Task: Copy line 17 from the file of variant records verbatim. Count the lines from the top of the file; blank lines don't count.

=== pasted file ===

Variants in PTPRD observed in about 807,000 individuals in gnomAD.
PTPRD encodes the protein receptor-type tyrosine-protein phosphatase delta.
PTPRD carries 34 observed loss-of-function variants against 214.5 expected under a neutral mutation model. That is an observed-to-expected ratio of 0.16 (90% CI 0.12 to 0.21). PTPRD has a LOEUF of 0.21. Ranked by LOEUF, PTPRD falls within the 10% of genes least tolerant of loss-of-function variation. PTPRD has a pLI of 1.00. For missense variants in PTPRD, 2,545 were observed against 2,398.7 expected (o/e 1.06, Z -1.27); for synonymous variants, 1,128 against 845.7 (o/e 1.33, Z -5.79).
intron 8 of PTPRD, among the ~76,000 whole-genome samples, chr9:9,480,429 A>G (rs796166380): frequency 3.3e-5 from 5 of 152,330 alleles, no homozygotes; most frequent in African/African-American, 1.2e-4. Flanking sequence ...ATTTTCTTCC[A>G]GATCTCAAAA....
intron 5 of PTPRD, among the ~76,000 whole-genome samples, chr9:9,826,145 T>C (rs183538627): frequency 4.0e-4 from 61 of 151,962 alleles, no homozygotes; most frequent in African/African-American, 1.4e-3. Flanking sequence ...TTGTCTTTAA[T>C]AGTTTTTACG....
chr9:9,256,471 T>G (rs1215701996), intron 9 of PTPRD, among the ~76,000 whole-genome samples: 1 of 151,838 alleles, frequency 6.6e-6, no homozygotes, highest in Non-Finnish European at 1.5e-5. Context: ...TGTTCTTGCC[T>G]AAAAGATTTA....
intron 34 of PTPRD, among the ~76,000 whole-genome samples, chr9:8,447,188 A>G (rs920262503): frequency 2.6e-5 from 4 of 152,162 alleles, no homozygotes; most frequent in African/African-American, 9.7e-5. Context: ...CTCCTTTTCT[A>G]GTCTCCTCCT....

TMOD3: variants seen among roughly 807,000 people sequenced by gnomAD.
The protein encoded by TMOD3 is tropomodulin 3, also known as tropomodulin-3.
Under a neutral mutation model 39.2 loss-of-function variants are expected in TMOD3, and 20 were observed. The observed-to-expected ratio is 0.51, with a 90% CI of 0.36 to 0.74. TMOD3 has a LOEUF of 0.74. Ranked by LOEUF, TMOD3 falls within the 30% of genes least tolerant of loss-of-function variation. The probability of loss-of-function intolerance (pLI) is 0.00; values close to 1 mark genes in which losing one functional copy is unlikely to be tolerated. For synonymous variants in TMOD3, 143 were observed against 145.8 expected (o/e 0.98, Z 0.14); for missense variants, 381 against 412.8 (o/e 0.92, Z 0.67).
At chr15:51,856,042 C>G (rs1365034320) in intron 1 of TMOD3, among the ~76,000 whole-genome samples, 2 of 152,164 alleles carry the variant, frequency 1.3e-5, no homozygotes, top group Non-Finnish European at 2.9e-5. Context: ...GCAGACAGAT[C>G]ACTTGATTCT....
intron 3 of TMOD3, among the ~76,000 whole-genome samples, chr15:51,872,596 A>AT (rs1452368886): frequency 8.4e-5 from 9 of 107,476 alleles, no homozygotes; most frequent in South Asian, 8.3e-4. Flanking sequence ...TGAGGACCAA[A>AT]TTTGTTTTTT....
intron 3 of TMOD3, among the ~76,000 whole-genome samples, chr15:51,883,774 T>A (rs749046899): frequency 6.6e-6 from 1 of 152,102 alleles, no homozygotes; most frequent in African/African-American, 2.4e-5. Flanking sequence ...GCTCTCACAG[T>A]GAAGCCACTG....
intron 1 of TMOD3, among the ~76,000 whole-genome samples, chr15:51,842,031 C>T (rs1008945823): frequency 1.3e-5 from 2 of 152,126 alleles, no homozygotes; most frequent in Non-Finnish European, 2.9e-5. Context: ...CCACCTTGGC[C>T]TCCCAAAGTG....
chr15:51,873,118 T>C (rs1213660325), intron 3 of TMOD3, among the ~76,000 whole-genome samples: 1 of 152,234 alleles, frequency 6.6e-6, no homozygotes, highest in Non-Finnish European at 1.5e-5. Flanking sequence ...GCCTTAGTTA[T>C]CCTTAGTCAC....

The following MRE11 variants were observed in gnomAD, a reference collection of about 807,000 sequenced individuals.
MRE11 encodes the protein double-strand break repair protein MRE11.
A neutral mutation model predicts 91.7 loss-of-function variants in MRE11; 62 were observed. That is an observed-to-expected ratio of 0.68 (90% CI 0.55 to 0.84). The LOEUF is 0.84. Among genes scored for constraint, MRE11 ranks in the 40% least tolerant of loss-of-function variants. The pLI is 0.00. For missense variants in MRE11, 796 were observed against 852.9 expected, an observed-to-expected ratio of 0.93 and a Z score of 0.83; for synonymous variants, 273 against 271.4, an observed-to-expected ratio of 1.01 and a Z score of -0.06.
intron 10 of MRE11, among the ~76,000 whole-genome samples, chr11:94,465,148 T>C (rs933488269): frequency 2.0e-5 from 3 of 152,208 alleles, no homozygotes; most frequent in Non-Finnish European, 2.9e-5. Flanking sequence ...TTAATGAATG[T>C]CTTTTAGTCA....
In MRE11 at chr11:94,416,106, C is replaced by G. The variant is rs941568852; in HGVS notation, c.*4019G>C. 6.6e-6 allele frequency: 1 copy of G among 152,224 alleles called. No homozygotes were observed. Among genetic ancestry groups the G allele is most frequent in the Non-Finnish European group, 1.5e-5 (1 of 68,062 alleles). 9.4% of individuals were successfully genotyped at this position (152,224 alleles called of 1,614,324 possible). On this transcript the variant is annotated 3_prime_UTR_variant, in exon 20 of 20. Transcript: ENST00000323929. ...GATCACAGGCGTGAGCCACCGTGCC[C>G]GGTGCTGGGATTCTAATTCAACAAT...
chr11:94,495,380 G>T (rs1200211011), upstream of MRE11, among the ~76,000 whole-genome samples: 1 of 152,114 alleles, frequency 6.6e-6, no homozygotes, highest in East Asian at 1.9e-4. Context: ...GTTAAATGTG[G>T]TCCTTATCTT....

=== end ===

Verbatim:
MRE11 encodes the protein double-strand break repair protein MRE11.